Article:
North Korean propaganda (the other pillar of which is a sort of race-based nationalism) is surprisingly effective at engendering "a significant degree of mass support," B.R. Myers writes in The Cleanest Race, the definitive book on the subject. It's seen as a legitimate protector of the people and of North Korean greatness against a cruel and jealous outside world. That Kim could manage such an indulgence as a lavish dolphinarium despite sanctions would seem to drive this idea home.
That support might not always last, but if there's a major threat to the Kim regime, it's not market liberalization and it's not North Korean poverty, both Myers and a recent International Crisis Group report argue, neither of which seems to have caused them much trouble. It's the slow trickle of information that South Koreans are richer and happier than the propaganda has led them to believe. "This support cannot be sustained for long, because what the masses are taught -- especially in regard to South Korean public opinion -- is coming increasingly into conflict with what [North Koreans] know to be true," Myers writes.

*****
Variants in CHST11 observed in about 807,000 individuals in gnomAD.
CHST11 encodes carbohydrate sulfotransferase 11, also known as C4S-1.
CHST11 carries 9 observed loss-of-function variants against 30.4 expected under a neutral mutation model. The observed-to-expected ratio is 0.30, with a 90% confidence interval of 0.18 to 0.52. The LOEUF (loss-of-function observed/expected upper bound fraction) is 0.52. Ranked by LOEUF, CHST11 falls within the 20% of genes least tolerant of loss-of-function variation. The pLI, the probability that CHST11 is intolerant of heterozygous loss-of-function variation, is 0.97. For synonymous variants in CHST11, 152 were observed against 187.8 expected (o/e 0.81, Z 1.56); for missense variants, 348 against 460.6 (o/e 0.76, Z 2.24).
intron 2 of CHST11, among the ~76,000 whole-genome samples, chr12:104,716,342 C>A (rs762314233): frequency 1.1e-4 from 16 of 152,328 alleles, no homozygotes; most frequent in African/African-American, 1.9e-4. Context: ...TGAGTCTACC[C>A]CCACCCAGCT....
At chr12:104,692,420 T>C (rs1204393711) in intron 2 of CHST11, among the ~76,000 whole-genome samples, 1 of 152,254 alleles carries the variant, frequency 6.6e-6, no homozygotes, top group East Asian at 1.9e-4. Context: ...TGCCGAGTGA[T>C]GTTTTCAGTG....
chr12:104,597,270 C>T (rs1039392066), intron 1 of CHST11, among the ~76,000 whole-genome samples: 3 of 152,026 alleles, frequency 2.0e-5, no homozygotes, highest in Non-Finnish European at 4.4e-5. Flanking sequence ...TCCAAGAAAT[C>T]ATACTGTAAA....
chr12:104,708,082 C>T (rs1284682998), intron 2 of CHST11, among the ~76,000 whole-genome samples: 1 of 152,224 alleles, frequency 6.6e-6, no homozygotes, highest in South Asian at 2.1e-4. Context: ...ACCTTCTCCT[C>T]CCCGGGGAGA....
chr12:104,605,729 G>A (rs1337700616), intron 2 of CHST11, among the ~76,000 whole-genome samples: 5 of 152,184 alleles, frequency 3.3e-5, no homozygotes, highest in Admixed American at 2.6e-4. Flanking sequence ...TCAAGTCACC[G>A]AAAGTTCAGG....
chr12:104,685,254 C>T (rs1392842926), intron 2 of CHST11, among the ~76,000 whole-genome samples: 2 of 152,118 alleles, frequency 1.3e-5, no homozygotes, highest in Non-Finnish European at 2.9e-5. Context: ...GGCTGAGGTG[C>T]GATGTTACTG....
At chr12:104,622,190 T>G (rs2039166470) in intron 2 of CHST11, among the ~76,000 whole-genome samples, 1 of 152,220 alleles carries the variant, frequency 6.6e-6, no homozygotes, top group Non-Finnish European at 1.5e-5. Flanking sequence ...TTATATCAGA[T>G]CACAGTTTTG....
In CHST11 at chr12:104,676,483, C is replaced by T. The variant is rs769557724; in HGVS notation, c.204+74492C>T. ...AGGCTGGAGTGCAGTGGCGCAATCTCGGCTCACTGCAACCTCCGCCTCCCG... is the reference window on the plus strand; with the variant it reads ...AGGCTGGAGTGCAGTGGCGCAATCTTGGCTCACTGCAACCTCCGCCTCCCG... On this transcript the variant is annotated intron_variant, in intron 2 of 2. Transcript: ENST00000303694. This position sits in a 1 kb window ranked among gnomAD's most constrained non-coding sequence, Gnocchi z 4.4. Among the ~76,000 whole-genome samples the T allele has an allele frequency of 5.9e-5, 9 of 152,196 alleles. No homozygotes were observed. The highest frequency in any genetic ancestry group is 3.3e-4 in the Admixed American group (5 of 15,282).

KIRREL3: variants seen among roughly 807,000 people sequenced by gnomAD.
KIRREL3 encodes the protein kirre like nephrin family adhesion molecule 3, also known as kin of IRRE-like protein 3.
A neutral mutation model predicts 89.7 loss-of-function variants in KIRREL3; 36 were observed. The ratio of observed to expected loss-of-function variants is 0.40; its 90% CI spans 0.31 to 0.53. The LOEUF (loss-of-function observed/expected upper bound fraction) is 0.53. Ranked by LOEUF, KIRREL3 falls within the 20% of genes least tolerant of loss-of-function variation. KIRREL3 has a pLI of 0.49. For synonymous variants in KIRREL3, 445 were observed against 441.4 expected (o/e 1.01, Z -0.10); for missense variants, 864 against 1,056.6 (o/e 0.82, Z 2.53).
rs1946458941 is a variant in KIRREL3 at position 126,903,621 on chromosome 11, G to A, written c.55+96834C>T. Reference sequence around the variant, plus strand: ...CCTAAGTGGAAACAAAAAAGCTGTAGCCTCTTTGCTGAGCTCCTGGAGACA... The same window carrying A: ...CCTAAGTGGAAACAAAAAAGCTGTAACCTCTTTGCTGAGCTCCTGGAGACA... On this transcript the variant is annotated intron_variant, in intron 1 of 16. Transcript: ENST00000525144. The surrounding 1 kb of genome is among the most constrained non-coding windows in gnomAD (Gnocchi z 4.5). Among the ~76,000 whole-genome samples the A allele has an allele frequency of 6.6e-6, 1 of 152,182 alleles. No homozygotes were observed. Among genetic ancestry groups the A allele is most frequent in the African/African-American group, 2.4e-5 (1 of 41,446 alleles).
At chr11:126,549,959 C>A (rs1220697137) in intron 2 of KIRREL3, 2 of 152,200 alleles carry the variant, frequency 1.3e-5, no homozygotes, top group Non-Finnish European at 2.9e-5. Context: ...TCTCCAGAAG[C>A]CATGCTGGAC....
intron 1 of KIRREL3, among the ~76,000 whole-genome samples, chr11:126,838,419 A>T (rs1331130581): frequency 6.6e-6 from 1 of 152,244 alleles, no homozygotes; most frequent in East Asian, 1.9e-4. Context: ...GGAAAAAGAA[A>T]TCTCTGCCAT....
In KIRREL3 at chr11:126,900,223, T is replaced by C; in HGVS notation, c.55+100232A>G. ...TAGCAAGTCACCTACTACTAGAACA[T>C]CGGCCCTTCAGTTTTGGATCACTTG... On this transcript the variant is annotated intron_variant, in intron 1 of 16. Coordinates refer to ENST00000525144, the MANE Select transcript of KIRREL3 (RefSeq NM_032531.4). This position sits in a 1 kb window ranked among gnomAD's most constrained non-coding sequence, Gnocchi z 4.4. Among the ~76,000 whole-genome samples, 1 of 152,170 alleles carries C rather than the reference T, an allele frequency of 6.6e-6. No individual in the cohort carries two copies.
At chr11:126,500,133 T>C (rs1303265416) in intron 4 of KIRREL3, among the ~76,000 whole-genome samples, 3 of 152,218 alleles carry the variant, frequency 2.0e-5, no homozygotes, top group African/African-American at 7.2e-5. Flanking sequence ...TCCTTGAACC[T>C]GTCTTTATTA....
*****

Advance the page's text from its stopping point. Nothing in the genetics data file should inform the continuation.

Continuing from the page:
The regime seems to know the threat and is working to stem the inflow of unapproved information. Police, as Blaine Harden reported in his biography of an escaped work camp prisoner, have taken to randomly shutting off power in apartment blocks, then raiding homes to search for unauthorized video CDs that might be stuck in peoples' players. Still, it's difficult to see how they could keep it up forever, and the Crisis Group report notes that defectors increasingly say that they wanted to leave on finally learning of the south's relative wealth and their own poverty.
So what happens when North Koreans figure out that their supposed prosperity is a lie? The Crisis Group predicts that the Kim family can hold out for "decades," with its near-monopoly on information still intact. But Myers more darkly predicts that the regime will replace the lost legitimacy by escalating its acts of random aggression, writing, "The more the North Korean economy loses its distinctiveness vis-a-vis its counterpart to the south, the more the DPRK must demonstrate its legitimacy through military means." It's almost enough to make you wish for more dolphins in Pyongyang.
The president addressed the quadrennial gathering like a campaign rally—talking to a group devoted to service as if it valued self interest.